In Subjectivity and Desire: An(other) Way of Looking,’ Mary Ann Doane takes a similar perspective of the way cinema encourages the viewer to identify a gendered distinction between subject/object:
The male figure seems more compatible with processes of narrativisation than the female figure. While the man comfortably adopts natural’ poses of activity and agency, the plotting’ of the female body is more difficultbut the transformation of the woman into spectacle is easy. (167)
Doane also discusses the ways in which female viewers have been catered for by mainstream cinema. She writes that women are stereotypically associated with an over-attachment and excessive emotional involvement with a text. They are thought to be more accepting than men are of the naturalisation of cinematic signs. She points out the propensity for films aimed predominately at women to be described in reviews as weepies,’ indicating that the genre is defined entirely by the emotional effect it is said to have on its audience. Though individual women in the audience may read a film in ways not simply dictated by the text, Doane is not optimistic about the ways in which a female audience in general may be addressed by the text, other than by being manipulated towards set emotional responses: “These are the tropes which enable the woman’s assumption of the position of subject’ of the gaze.” (163) Spectator theory has drawn heavily on psychoanalysis, for example that of Freud and Lacan. Lapsley and Westlake see la femme, the image of the beautiful woman, in Lacan’s terms of the objet a; the male fantasy seeks the image to fulfil the human sense of lack, but finds that these codes of femininity are only a masquerade “all these beautiful women are simulacra.” (188)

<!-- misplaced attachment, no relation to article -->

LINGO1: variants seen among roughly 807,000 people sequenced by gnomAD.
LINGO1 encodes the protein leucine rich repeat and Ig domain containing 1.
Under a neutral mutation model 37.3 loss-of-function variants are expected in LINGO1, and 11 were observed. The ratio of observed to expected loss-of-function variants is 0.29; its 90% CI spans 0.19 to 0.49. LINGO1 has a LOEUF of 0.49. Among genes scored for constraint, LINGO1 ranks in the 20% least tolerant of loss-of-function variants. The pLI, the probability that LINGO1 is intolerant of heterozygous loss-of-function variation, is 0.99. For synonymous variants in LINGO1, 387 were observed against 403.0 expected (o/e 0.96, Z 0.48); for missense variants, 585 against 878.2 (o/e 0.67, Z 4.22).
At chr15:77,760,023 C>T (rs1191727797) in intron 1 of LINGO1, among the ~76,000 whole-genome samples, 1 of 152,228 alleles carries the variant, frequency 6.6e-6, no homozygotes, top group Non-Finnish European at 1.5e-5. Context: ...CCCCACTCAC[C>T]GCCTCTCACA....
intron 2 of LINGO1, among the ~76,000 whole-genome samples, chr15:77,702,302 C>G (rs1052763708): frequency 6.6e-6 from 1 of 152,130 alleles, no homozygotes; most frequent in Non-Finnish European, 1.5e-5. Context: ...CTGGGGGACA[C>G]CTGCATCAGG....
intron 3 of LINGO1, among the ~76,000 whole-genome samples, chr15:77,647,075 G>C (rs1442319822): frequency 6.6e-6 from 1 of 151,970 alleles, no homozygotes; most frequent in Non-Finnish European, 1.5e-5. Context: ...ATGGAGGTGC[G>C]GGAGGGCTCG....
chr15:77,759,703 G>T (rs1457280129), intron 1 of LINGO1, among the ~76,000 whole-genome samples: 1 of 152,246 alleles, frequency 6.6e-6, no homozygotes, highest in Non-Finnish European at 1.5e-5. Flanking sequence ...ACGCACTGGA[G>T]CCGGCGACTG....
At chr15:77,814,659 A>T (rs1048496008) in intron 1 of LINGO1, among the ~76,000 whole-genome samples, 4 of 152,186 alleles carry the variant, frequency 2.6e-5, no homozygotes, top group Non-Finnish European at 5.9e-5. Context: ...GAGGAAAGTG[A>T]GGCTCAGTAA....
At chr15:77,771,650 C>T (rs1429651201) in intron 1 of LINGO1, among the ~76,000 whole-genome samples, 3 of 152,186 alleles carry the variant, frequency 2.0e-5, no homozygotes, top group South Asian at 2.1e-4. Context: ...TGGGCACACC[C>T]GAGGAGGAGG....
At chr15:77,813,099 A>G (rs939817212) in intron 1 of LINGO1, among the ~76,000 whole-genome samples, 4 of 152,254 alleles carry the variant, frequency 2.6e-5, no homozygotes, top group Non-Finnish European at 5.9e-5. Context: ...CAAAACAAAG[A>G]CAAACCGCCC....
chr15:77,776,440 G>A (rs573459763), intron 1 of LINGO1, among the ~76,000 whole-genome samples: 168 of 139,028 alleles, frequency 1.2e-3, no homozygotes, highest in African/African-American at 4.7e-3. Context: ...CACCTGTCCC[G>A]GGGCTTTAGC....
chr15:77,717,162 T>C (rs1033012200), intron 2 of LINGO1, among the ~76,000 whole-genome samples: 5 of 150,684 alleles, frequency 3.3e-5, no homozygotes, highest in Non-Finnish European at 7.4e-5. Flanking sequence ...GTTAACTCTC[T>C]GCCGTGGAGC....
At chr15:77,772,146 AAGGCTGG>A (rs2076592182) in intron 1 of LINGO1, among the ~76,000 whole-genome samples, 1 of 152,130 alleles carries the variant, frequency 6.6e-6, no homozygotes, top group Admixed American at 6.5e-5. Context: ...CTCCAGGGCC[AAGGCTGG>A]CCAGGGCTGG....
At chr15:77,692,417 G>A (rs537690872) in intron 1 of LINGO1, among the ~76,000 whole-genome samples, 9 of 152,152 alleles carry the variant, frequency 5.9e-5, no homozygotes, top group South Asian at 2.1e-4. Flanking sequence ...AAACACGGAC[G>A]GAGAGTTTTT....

Work on voyeurism assumes that the voyeur is the active subject, obsessing over the passive object. But does Amelie really portray its protagonist as the subject?
The first shot of the adult Amelie takes place in The Two Windmills where she works as a waitress. She stands with her back to the camera, which walks’ slowly up to her; she turns her head in response to the camera as it reaches her and returns its gaze’ without any expression. It is a very seductive introduction to the character and the shot emphasises her elegance and femininity. Despite the focus of the narrative being on Amelie’s desiring gaze on Nino, I would certainly argue it is she who, at least in terms of classical codes, is presented to the viewer as to-be-looked-at. We see Amelie at private moments in her own home, while Nino, despite being spied upon by Amelie (and therefore the viewer), retains the dignity of only being seen in public, on the street or in the station, or at work. Nino is generally seen covered up by a loose hanging overcoat, and his posture tends to be hunched in comparison with Amelie’s normally open posture; in fact many scenes frame him slouching over the desk in the Porno Palace or bent double searching for discarded photos at the booths in the station. He tends to be lit in natural appearing light, while Tatou’s face is lit more brightly, forming a very clear, almost cartoon-like outline of her features to provide an iconic image that was easily recognisable on posters and merchandise. Shots of Nino alternate between the very long, establishing him within the narrative situation without focusing closely on his body, and the close ups of his face. At no point is the spectator led by the film text to gaze at the actor’s body in the same way as they are encouraged to gaze at Tatou though saying that the film does not appear to intentionally cater for the sexual female gaze does not mean that actual women in the audience do not look desiringly at Mathieu Kassovich!